'Herbal' but potentially hazardous: an analysis of the constituents and smoke emissions of tobacco-free waterpipe products and the air quality in the cafes where they are served

Details

Serval ID
serval:BIB_EF7A9FD6ED42
Type
Article: article from journal or magazin.
Collection
Publications
Title
'Herbal' but potentially hazardous: an analysis of the constituents and smoke emissions of tobacco-free waterpipe products and the air quality in the cafes where they are served
Journal
Tobacco Control
Author(s)
Hammal Fardi, Chappell Alyssa, Wild T. Cameron , Kindzierski Warren, Shihadeh Alan, Vanderhoek Amanda, Huynh Cong Khanh, Plateel Gregory, Finegan Barry A.
ISSN
1468-3318 (Electronic)
ISSN-L
0964-4563 (Linking)
Publication state
Published
Issued date
05/2015
Peer-reviewed
Oui
Volume
24
Number
3
Pages
290-297
Language
english
Abstract
BACKGROUND: There are limited data on the composition and smoke emissions of 'herbal' shisha products and the air quality of establishments where they are smoked. METHODS: Three studies of 'herbal' shisha were conducted: (1) samples of 'herbal' shisha products were chemically analysed; (2) 'herbal' and tobacco shisha were burned in a waterpipe smoking machine and main and sidestream smoke analysed by standard methods and (3) the air quality of six waterpipe cafes was assessed by measurement of CO, particulate and nicotine vapour content. RESULTS: We found considerable variation in heavy metal content between the three products sampled, one being particularly high in lead, chromium, nickel and arsenic. A similar pattern emerged for polycyclic aromatic hydrocarbons. Smoke emission analyses indicated that toxic byproducts produced by the combustion of 'herbal' shisha were equivalent or greater than those produced by tobacco shisha. The results of our air quality assessment demonstrated that mean PM2.5 levels and CO content were significantly higher in waterpipe establishments compared to a casino where cigarette smoking was permitted. Nicotine vapour was detected in one of the waterpipe cafes. CONCLUSIONS: 'Herbal' shisha products tested contained toxic trace metals and PAHs levels equivalent to, or in excess of, that found in cigarettes. Their mainstream and sidestream smoke emissions contained carcinogens equivalent to, or in excess of, those of tobacco products. The content of the air in the waterpipe cafes tested was potentially hazardous. These data, in aggregate, suggest that smoking 'herbal' shisha may well be dangerous to health.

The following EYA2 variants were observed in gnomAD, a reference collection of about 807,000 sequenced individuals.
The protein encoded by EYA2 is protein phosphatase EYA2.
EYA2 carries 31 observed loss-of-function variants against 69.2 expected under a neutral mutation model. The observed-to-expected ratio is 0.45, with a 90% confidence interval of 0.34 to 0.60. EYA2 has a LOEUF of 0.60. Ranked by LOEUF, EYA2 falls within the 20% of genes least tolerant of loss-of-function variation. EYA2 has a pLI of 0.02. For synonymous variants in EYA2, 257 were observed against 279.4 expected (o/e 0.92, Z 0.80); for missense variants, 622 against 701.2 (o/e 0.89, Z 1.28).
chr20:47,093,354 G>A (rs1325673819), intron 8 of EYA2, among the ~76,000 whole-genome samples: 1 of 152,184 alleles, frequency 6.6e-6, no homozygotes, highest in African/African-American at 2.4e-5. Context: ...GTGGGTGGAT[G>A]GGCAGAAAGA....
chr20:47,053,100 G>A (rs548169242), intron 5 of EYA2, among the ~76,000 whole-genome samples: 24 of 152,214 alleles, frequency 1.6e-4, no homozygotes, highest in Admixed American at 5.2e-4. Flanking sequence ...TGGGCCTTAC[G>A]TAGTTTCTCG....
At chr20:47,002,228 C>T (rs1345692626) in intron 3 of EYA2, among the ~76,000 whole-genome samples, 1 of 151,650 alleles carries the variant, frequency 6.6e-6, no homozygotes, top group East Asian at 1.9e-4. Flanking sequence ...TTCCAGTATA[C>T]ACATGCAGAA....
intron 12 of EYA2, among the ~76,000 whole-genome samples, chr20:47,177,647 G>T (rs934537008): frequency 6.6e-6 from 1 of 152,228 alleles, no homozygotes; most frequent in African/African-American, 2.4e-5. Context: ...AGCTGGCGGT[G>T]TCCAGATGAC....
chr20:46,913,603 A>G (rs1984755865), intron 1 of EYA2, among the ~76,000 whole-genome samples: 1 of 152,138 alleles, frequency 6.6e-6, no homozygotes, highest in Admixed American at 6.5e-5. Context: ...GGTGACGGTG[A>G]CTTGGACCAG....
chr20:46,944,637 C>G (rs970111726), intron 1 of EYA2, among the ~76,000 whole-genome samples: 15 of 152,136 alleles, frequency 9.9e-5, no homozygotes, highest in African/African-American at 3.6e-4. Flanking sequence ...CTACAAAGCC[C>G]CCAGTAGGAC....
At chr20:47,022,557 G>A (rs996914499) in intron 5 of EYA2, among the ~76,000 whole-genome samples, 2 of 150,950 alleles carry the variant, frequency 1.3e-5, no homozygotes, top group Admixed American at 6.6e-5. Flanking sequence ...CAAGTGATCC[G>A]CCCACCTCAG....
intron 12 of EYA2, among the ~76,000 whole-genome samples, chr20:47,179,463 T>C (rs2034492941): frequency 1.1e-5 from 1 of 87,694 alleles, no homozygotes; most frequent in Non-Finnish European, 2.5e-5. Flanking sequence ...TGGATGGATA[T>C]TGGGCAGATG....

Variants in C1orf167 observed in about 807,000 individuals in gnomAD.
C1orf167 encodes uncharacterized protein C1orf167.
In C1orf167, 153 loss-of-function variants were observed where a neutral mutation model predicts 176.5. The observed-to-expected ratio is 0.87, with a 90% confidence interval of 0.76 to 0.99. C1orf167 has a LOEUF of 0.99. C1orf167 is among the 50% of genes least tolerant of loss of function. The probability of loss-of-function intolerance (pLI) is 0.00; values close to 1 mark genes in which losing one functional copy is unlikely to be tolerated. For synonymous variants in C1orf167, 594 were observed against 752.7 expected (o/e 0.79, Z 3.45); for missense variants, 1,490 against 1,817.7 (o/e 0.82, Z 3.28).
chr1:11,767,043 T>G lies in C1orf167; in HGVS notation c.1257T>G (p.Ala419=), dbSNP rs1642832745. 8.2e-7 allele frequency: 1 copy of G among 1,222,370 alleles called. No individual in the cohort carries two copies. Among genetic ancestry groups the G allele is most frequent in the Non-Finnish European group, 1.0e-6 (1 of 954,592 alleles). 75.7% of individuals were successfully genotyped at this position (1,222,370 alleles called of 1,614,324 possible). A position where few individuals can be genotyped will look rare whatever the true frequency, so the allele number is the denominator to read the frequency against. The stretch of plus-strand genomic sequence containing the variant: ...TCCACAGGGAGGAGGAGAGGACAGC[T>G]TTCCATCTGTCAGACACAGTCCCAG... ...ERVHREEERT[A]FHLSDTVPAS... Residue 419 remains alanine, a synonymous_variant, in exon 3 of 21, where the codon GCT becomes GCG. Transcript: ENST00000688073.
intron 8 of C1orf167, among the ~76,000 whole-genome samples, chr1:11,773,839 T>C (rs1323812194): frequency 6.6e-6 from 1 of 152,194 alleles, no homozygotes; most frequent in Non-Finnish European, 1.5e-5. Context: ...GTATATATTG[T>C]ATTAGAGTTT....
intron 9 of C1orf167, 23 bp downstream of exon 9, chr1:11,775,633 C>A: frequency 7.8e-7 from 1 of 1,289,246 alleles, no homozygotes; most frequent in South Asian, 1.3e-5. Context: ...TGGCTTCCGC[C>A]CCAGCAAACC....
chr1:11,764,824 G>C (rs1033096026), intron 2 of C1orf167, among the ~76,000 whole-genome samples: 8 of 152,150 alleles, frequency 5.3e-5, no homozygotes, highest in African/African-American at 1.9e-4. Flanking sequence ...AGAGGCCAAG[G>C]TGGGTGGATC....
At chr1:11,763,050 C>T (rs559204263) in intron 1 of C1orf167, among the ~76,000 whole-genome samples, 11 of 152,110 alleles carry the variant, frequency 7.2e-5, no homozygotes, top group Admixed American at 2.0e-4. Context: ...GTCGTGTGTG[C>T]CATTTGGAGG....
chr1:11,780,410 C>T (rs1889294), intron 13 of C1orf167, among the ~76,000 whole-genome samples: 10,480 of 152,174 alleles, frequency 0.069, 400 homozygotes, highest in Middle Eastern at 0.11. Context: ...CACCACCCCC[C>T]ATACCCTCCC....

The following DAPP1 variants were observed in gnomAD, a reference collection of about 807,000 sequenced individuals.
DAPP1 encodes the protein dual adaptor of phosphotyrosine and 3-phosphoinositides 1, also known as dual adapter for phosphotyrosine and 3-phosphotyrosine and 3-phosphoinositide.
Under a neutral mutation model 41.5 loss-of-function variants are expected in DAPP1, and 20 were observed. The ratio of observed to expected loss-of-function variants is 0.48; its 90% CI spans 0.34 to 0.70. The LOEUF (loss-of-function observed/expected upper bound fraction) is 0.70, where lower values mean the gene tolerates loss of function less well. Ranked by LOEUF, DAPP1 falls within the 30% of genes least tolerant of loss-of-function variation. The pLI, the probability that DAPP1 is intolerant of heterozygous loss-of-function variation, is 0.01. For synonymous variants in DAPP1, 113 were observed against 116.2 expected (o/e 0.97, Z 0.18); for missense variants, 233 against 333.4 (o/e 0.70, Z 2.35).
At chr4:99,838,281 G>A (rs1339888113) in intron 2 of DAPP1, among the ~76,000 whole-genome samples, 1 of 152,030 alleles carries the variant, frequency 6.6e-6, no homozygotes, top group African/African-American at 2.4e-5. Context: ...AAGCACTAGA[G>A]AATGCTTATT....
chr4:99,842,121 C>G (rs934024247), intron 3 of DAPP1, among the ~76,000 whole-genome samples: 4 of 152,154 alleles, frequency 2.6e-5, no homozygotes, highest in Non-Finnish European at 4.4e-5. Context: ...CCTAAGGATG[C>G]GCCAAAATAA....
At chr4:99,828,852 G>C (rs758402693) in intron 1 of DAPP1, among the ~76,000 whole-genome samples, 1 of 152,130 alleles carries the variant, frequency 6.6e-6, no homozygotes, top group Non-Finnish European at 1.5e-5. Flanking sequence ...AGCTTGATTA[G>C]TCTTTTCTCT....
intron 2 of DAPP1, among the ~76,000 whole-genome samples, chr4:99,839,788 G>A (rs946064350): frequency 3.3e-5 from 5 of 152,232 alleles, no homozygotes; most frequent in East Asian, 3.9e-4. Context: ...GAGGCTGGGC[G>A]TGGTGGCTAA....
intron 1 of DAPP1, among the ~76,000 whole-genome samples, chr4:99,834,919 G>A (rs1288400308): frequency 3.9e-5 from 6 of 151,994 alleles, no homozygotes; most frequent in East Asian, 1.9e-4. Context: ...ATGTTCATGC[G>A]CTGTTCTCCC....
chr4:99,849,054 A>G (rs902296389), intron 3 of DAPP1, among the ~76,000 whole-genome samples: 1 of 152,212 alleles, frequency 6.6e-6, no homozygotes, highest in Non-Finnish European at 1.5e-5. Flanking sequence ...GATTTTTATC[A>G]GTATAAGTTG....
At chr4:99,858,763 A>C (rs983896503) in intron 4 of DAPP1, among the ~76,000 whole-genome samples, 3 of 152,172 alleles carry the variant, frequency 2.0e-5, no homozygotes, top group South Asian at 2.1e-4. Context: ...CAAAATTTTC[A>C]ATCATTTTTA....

Keywords
Tobacco Smoke Pollution , Tobacco Smoke Pollution/analysis , Particulate Matter , Particulate Matter/analysis , Environmental Monitoring , Environmental Monitoring/methods , Smoking , Smoking/prevention & control , Nicotine , Nicotine/analysis , Air pollution, Indoor , Canada
Pubmed
Web of science
Create date
22/10/2013 9:49
Last modification date
03/03/2018 22:34
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